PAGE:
Skip Navigation

Johns Hopkins Bloomberg School of Public Health

AIDS Linked to the Intravenous Experience Study

Changes in Blood-borne Infection Risk Among Injection Drug Users

Journal of Infectious Diseases 2011;203:587-594

Background. Population-level hepatitis C virus (HCV) infection incidence is a surrogate for community drug-related risk.

Methods. We characterized trends in human immunodeficiency virus (HIV) and HCV infection incidence and HCV infection prevalence among injection drug users (IDUs) recruited over 4 periods: 1988–1989, 1994–1995, 1998, and 2005–2008. We calculated HIV and HCV infection incidence within the first year of follow-up among IDUs whose test results were negative for these viruses at baseline (n = 2061 and n = 373, respectively). We used Poisson regression to compare trends across groups.

Results. HIV infection incidence declined significantly from 5.5 cases/100 person-years (py) in the 1988–1989 group to 2.0 cases/100 py in the 1994–1995 group to 0 cases/100 py in the 1998 and 2005–2008 groups. Concurrently, HCV infection incidence declined but remained robust (22.0 cases/100 py in the 1988–1989 cohort to 17.2 cases/100 py in the 1994–1995 cohort, 17.9 cases/100 py in the 1998 cohort, and 7.8 cases/100 py in the 2005–2008 cohort; P = .07). Likewise, HCV infection prevalence declined, but chiefly in younger IDUs. For persons aged <39 years, relative to the 1988–1989 cohort, all groups exhibited significant declines (adjusted prevalence ratio [PR] for the 2005–08 cohort, .73; 95% confidence interval [CI], .65–.81). However, for persons aged ≥39 years, only the 2005–2008 cohort exhibited declining prevalence compared with the 1988–1989 cohort (adjusted PR, .87; 95% CI, .77–.99).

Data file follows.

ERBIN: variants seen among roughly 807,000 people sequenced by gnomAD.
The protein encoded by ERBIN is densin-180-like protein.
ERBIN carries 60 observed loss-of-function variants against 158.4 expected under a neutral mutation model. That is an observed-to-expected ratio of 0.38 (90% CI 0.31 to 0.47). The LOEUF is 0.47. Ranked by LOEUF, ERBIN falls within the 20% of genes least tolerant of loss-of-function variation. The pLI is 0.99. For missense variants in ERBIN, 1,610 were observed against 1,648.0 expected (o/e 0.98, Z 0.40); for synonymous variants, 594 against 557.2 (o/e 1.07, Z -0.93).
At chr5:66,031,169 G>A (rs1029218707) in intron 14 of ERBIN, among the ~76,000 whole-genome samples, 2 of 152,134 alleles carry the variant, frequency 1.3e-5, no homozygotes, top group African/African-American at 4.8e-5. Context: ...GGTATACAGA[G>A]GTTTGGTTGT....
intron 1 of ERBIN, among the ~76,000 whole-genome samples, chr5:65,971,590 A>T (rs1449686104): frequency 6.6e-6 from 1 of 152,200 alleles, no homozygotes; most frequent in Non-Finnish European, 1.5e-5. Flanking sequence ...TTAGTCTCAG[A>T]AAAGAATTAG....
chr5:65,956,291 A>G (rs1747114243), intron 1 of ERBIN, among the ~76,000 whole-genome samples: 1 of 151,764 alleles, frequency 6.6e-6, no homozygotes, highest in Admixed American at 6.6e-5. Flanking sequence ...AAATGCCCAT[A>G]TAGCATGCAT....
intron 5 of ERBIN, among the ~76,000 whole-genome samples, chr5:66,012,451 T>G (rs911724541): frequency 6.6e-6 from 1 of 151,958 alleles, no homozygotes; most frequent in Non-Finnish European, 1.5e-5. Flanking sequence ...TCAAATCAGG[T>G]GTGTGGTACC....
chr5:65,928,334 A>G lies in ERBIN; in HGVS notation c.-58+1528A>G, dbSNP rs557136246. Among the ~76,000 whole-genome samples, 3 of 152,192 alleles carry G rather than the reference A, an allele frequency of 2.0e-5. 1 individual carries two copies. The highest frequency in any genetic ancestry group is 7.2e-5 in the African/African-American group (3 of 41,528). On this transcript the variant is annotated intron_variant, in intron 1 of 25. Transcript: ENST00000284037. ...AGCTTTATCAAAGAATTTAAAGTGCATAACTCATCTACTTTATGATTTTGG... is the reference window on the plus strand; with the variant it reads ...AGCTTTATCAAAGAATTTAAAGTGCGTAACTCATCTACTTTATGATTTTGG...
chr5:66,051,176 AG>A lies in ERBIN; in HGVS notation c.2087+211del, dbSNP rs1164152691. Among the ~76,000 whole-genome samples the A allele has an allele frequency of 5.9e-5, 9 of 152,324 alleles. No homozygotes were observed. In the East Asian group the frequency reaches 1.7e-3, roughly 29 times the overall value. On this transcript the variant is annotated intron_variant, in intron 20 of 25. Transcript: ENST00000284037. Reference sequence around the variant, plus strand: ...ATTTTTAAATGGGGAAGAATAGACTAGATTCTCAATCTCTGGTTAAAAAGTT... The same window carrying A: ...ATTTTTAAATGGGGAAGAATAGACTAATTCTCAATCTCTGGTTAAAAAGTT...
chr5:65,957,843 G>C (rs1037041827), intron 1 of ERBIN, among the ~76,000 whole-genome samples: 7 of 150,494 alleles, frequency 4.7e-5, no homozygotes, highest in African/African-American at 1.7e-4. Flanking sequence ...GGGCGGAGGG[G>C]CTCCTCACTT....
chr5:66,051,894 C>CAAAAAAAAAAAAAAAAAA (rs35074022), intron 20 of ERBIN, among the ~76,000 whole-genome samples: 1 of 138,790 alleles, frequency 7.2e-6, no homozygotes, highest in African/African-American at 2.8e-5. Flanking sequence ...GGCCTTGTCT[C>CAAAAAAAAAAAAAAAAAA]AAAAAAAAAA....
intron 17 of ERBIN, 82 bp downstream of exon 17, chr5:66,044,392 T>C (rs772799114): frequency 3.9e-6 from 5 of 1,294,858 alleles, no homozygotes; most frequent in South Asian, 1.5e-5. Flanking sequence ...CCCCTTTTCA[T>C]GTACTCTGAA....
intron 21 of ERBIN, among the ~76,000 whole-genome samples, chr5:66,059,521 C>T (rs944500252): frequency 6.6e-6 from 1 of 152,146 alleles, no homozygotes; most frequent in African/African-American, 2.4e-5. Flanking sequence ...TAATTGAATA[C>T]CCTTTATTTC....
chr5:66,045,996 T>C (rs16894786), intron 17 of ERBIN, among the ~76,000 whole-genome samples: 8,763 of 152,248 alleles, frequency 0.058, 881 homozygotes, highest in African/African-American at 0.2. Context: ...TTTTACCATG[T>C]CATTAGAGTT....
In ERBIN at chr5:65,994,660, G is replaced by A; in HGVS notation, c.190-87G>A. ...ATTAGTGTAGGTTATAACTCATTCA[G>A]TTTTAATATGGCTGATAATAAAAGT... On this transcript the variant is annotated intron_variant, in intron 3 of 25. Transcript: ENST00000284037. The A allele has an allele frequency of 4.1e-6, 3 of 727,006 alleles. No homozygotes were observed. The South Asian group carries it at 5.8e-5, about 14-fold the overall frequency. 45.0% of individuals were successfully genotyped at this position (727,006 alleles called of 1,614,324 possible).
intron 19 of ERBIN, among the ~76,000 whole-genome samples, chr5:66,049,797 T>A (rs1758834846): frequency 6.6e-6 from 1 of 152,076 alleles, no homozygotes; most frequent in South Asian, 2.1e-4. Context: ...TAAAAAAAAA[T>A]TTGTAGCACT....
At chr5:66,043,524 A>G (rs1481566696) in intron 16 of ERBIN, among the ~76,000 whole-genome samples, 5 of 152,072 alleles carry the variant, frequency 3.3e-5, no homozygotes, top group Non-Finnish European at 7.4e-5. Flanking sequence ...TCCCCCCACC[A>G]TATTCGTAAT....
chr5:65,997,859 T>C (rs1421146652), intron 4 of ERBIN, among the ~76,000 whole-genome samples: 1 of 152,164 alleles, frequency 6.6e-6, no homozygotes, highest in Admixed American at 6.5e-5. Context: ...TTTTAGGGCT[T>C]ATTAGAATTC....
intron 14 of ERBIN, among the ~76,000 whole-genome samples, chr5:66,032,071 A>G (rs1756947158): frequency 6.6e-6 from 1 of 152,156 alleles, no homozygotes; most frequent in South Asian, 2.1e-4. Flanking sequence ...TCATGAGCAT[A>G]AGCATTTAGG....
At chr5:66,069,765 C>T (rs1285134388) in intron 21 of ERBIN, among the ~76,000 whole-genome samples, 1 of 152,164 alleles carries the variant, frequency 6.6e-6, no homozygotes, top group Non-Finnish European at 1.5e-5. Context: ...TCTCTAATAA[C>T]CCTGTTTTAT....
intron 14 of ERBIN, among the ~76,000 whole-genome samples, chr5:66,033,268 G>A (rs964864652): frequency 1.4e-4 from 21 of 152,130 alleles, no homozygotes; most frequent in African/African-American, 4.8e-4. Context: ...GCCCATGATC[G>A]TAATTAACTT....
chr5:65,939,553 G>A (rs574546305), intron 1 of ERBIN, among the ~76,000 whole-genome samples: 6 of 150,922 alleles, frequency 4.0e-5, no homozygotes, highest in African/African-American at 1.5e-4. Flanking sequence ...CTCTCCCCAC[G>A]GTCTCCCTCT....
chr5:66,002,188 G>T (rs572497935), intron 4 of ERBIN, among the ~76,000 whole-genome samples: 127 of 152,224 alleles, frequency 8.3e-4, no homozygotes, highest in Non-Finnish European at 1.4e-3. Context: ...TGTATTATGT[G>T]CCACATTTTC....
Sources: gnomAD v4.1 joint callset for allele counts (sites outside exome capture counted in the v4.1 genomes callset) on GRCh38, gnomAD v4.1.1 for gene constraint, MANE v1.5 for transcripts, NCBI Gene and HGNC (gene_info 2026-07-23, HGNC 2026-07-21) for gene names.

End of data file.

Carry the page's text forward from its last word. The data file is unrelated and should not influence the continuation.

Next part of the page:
Conclusions. Although efforts to reduce blood-borne infection incidence have had impact, this work will need to be intensified for the most transmissible viruses, such as HCV.

Figure 1

Figure 1. Incidence per 100 person-years of human immunodeficiency virus and hepatitis C virus infection by recruitment cohort in the AIDS Linked to the Intravenous Experience (ALIVE) cohort, 1988–2009.

Figure 2

Figure 2. Hepatitis C virus infection prevalence by age at entry and recruitment cohort in the AIDS Linked to the Intravenous Experience (ALIVE) cohort, 1988–2008 (n = 1731).

Figure 3

Figure 3. Prevalence ratios of hepatitis C virus infection by recruitment cohort for persons aged <39 years and persons aged ≥39 years. Results are from Poisson regression with robust variance estimates are stratified by age because there was a statistically significant interaction between age and recruitment cohort (P < .01). Panel A reflects ages of <39 years and panel B reflects ages of ≥39 years. The reference group for all models is the 1988–1989 cohort. P values for all prevalence ratios in panel A are statistically significant. Only the P value for the 2005–2008 cohort in model 2 of panel A is statistically significant. Age was included as a continuous variable in both models to account for residual confounding. Drug-related risk behaviors include lifetime history of needle sharing, shooting gallery attendance, and drug treatment; sexual risk behavior includes number of sexual partners in the preceding 10 years.